The Twitter logo is displayed on a banner outside the New York Stock Exchange. (Photo by Andrew Burton/Getty Images)
The Twitter logo is displayed on a banner outside the New York Stock Exchange. (Photo by Andrew Burton/Getty Images)

Not a shock: Twitter’s shares, which went public Thursday, are trading down a little today. Shares you might have paid 50 bucks for yesterday are down to 43 dollars and change. That statement is not a suggestion you should buy or sell TWTR or any other security.

But if you feel left out of the latest tech IPO gold rush, here’s a little bit of fun, called to my attention by KQED’s Aarti Shahani, from Time’s Chris Wilson: This Is How Much Money Twitter Owes You.

Wilson and Time put together a little calculator that crunches the following variables for Twitter account holders: How long you’ve had your account, how many tweets you’ve sent out into the Twittersphere, and the putative value of those tweets based on how many messages the service says it delivers every day and the company’s current market capitalization.

Time’s calculator is really kind of cool: Just put in your account name and it spits out your contribution to Twitter’s current value. For me, it’s $38. That compares to $5.1 million for President Obama’s account and nearly $21 million for Justin Bieber’s.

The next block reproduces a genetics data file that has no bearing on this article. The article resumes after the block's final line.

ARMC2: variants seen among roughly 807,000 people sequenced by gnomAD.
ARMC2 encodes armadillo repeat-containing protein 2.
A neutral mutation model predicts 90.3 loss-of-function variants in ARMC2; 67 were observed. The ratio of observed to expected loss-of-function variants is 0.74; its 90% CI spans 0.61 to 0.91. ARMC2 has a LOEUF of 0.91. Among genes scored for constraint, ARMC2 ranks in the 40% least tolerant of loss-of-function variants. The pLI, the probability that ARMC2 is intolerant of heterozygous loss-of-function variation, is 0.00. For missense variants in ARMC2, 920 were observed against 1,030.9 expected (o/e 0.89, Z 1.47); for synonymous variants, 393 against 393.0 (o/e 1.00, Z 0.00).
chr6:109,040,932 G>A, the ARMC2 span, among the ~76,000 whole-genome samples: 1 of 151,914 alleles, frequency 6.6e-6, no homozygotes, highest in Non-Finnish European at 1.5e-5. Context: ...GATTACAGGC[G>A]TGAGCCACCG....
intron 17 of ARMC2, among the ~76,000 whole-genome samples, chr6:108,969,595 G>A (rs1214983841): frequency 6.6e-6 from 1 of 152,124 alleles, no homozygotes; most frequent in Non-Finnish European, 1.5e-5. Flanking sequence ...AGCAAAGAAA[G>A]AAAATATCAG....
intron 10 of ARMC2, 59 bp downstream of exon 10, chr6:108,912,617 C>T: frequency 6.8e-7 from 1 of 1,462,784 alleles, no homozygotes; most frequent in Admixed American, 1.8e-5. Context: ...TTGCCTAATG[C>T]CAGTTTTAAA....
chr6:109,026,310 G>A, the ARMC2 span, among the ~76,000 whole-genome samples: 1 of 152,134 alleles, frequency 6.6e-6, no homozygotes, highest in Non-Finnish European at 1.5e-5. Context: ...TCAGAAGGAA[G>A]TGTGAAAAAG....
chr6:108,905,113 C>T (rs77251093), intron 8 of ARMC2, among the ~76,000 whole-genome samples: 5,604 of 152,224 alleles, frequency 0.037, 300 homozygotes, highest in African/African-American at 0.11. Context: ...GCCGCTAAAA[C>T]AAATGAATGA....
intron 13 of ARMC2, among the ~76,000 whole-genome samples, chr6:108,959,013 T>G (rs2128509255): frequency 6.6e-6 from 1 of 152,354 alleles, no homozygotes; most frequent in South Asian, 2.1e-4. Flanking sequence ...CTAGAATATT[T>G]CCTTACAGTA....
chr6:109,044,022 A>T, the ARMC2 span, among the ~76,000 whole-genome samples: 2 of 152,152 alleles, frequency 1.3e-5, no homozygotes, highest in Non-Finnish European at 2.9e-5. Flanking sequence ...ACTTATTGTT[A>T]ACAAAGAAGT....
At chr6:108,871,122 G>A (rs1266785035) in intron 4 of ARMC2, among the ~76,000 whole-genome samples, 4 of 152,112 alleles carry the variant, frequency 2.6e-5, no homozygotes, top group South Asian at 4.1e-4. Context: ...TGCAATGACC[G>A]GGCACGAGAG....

I’ll use my account “value” to buy the pizza and beer. I’ll let those guys pick up the tip.

Sorry to be redundant, but check it out: Time’s This Is How Much Money Twitter Owes You.


Dan Brekke

Dan Brekke is a blogger, reporter and editor for KQED News, responsible for online breaking news coverage of topics ranging from California water issues to the Bay Area's transportation challenges. In a newsroom career that began in Chicago in 1972, Dan has worked as a city and foreign/national editor for The San Francisco Examiner, editor at Wired News, deputy editor at Wired magazine, managing editor at TechTV as well as for several Web startups.

Since joining KQED in 2007, Dan has reported, edited and produced both radio and online features and breaking news pieces. He has shared in two Society of Professional Journalists Norcal Excellence in Journalism awards — for his 2012 reporting on a KQED Science series on water and power in California, and in 2014, for KQED's comprehensive reporting on the south Napa earthquake.

In addition to his 44 years of on-the-job education, Dan is a lifelong student of history and is still pursuing an undergraduate degree.

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